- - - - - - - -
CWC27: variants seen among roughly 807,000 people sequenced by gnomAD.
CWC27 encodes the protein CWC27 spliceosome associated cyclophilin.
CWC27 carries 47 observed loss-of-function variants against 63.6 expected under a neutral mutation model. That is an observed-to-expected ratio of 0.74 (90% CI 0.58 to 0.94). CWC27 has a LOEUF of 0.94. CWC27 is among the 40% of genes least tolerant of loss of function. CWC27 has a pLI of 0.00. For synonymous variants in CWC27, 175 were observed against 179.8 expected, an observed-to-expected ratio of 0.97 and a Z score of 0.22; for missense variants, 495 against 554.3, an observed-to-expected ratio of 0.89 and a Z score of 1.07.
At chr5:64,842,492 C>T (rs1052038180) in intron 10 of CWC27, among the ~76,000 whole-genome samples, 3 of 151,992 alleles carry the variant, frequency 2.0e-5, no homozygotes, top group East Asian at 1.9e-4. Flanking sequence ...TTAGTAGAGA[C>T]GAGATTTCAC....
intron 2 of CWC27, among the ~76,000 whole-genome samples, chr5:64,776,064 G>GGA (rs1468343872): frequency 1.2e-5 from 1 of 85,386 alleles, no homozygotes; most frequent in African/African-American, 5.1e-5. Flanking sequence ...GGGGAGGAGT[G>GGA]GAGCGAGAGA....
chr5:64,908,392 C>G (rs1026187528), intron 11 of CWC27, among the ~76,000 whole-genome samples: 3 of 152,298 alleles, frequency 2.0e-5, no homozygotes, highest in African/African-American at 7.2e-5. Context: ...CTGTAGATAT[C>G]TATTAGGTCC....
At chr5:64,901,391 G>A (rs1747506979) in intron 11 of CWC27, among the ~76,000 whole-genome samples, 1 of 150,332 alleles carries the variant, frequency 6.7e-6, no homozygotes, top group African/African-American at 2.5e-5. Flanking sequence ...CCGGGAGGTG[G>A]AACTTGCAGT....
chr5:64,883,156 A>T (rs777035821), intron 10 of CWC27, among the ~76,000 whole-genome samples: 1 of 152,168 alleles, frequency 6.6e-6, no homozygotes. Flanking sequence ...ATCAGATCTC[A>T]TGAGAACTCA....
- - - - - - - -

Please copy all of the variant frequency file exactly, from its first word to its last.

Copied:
CWC27: variants seen among roughly 807,000 people sequenced by gnomAD.
CWC27 encodes the protein CWC27 spliceosome associated cyclophilin.
CWC27 carries 47 observed loss-of-function variants against 63.6 expected under a neutral mutation model. That is an observed-to-expected ratio of 0.74 (90% CI 0.58 to 0.94). CWC27 has a LOEUF of 0.94. CWC27 is among the 40% of genes least tolerant of loss of function. CWC27 has a pLI of 0.00. For synonymous variants in CWC27, 175 were observed against 179.8 expected, an observed-to-expected ratio of 0.97 and a Z score of 0.22; for missense variants, 495 against 554.3, an observed-to-expected ratio of 0.89 and a Z score of 1.07.
At chr5:64,842,492 C>T (rs1052038180) in intron 10 of CWC27, among the ~76,000 whole-genome samples, 3 of 151,992 alleles carry the variant, frequency 2.0e-5, no homozygotes, top group East Asian at 1.9e-4. Flanking sequence ...TTAGTAGAGA[C>T]GAGATTTCAC....
intron 2 of CWC27, among the ~76,000 whole-genome samples, chr5:64,776,064 G>GGA (rs1468343872): frequency 1.2e-5 from 1 of 85,386 alleles, no homozygotes; most frequent in African/African-American, 5.1e-5. Flanking sequence ...GGGGAGGAGT[G>GGA]GAGCGAGAGA....
chr5:64,908,392 C>G (rs1026187528), intron 11 of CWC27, among the ~76,000 whole-genome samples: 3 of 152,298 alleles, frequency 2.0e-5, no homozygotes, highest in African/African-American at 7.2e-5. Context: ...CTGTAGATAT[C>G]TATTAGGTCC....
At chr5:64,901,391 G>A (rs1747506979) in intron 11 of CWC27, among the ~76,000 whole-genome samples, 1 of 150,332 alleles carries the variant, frequency 6.7e-6, no homozygotes, top group African/African-American at 2.5e-5. Flanking sequence ...CCGGGAGGTG[G>A]AACTTGCAGT....
chr5:64,883,156 A>T (rs777035821), intron 10 of CWC27, among the ~76,000 whole-genome samples: 1 of 152,168 alleles, frequency 6.6e-6, no homozygotes. Flanking sequence ...ATCAGATCTC[A>T]TGAGAACTCA....